A look at the biggest races at the Grand National meeting
The Grand National is one race that everybody looks forward to year-after-year. Horse racing fanatics or not, hundreds of millions crowd around their television sets to watch the four and a quarter mile race, whilst in a normal year, around 50,000 people would head to Aintree Racecourse on the outskirts of Liverpool on raceday. Of course, this time around, due to the coronavirus pandemic, the TV coverage will have to do for everyone.
However, whilst everyone fantasises over landing a winning in the showstopper and vigorously examines the best Grand National odds from Paddy Power to give them the best chance of doing so, the three-day festival has plenty more to offer. In fact, there are several big races scattered across the meeting. So, without further ado, let’s take a look at some of them.
The Betway Bowl
The Betway Bowl is the day one feature race, which this year falls on April 8th and will be known officially as Liverpool’s NHS Day in honour of medical staff across the nation. The Grade 1 outing is often littered with Cheltenham Gold Cup contenders from the month prior, and it looks like the Cheltenham showpiece runner-up A Plus Tard will be competing in the race this year for Henry De Bromhead and Rachael Blackmore. Paul Nicholls is the most successful trainer in the three-mile, one-furlong race with four winners, including dual success with Silviniaco Conti in 2014 and 2015.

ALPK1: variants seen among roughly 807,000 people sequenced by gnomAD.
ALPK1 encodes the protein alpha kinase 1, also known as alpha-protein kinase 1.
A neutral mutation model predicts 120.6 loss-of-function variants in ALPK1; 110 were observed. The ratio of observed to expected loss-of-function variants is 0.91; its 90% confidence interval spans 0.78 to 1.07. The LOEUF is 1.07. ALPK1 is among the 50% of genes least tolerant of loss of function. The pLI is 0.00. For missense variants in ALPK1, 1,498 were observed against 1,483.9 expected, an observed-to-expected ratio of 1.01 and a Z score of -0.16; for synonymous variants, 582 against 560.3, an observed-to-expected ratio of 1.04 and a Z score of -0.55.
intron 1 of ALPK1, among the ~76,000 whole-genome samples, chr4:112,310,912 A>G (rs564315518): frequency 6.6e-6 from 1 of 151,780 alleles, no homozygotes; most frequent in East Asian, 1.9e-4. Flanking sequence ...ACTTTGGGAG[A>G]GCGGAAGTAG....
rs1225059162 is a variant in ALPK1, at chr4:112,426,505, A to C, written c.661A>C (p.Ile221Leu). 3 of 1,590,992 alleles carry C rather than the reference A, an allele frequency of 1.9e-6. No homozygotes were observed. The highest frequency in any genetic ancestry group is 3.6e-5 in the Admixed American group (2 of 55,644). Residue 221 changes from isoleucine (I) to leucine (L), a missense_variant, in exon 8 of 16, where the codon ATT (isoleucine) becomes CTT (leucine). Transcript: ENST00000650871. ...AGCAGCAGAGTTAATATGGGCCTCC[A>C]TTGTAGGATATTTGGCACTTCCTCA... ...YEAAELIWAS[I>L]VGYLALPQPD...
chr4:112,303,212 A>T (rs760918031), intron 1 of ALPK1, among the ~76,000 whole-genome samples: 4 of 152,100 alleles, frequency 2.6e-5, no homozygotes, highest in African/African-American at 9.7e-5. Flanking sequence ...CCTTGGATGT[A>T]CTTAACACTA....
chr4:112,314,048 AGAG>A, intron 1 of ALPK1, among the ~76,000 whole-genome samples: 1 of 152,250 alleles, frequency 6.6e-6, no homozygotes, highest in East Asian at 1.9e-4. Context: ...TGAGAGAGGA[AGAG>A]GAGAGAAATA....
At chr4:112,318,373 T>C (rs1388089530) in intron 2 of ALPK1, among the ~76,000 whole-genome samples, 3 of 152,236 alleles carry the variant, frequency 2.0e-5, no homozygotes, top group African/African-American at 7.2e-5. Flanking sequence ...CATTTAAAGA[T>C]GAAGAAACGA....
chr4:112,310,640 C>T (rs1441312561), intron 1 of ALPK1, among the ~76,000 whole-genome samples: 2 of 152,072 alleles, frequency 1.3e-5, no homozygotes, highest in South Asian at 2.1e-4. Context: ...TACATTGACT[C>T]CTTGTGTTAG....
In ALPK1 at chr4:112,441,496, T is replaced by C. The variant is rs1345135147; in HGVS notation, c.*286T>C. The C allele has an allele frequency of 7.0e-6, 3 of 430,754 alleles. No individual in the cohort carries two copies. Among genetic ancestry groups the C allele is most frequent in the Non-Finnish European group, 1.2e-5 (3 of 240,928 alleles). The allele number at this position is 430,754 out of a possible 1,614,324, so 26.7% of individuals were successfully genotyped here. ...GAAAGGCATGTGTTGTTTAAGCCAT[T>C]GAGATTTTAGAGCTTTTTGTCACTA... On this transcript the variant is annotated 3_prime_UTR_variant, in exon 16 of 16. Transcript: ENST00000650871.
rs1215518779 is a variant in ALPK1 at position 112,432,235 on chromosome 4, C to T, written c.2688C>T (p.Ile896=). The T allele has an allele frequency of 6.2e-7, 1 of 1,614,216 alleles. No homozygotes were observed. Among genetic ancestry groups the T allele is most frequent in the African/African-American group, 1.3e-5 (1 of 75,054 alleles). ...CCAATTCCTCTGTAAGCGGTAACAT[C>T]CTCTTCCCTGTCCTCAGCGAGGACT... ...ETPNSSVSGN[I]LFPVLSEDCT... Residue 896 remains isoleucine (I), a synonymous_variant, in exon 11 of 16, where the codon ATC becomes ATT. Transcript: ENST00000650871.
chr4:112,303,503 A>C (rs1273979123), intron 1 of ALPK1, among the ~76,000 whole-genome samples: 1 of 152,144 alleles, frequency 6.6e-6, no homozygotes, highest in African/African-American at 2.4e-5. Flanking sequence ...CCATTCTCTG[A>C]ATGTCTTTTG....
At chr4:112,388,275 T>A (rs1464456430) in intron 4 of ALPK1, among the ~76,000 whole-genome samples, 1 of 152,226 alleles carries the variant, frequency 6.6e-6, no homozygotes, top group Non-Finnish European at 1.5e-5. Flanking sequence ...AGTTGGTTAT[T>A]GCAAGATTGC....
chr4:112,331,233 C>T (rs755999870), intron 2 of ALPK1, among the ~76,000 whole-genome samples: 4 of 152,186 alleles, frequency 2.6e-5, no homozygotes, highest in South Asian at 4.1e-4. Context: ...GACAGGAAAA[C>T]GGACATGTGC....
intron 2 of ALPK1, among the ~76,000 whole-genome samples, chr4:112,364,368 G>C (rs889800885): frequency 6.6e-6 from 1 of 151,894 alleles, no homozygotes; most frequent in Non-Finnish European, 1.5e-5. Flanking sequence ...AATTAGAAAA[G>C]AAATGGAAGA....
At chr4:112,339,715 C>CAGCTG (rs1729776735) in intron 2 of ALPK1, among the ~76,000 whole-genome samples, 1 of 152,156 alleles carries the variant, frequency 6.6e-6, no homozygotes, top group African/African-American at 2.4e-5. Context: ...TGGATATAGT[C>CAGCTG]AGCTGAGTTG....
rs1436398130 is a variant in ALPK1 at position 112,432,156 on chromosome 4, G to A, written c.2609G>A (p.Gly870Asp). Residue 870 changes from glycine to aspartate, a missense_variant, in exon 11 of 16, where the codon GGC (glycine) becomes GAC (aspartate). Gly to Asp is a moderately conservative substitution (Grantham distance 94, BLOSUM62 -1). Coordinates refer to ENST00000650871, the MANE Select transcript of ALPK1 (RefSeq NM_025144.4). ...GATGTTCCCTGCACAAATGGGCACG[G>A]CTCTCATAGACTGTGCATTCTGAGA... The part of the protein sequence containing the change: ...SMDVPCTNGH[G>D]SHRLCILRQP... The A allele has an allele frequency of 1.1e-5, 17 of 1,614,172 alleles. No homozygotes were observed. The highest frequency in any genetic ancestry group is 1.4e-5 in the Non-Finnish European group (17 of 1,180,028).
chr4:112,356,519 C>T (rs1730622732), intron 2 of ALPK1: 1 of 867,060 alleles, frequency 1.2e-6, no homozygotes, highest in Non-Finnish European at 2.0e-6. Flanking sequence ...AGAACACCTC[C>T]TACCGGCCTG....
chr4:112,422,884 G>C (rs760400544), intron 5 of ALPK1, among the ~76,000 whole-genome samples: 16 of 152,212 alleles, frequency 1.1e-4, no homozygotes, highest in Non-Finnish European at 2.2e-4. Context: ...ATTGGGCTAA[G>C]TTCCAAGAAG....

The Aintree Hurdle
The Aintree Hurdle is the fourth and final Grade 1 outing of the opening day of the meeting. Run over two miles and four furlongs, there is a total purse of £250,000 up for grabs. Supasundae, ridden by Robbie Power and trained by Jessica Harrington, was the winner in 2019, when he beat Buveur D’Air over the line. Ruby Walsh boasts the most winning rides by any jockey since the race’s maiden in run in 1976 with five victories, the most recent was with Annie Power in 2016.
The Melling Chase
Day two of the meeting, otherwise famously known as Ladies’ Day, is topped by the JLT Chase, or what is traditionally called the Melling Chase. The Grade 1 outing attracts the best horses from Cheltenham’s Ryanair Chase and Queen Mother Champion Chase. Lostintranslation, who won the Champion Chase at Prestbury Park last year, won the latest edition of the race in 2019. The other Grade 1 races on day two include the Mildmay Novices’ Chase and the Top Novices’ Hurdle, where we can get a glimpse of any stars in the making.
The Grand National
Day three is headlined by the festival’s showpiece race, and it needs little introduction. The Grand National is the reason we are all here in the first place. Run over a whopping four miles and 30 fences, it is one of the hardest races in the world to win, let alone complete. With no Tiger Roll running this year, the race is open to a new winner for the first time in four years. Cloth Cap is the current favourite. However, it will take a real test of jockey and horse if they want to prevail on their market leader status.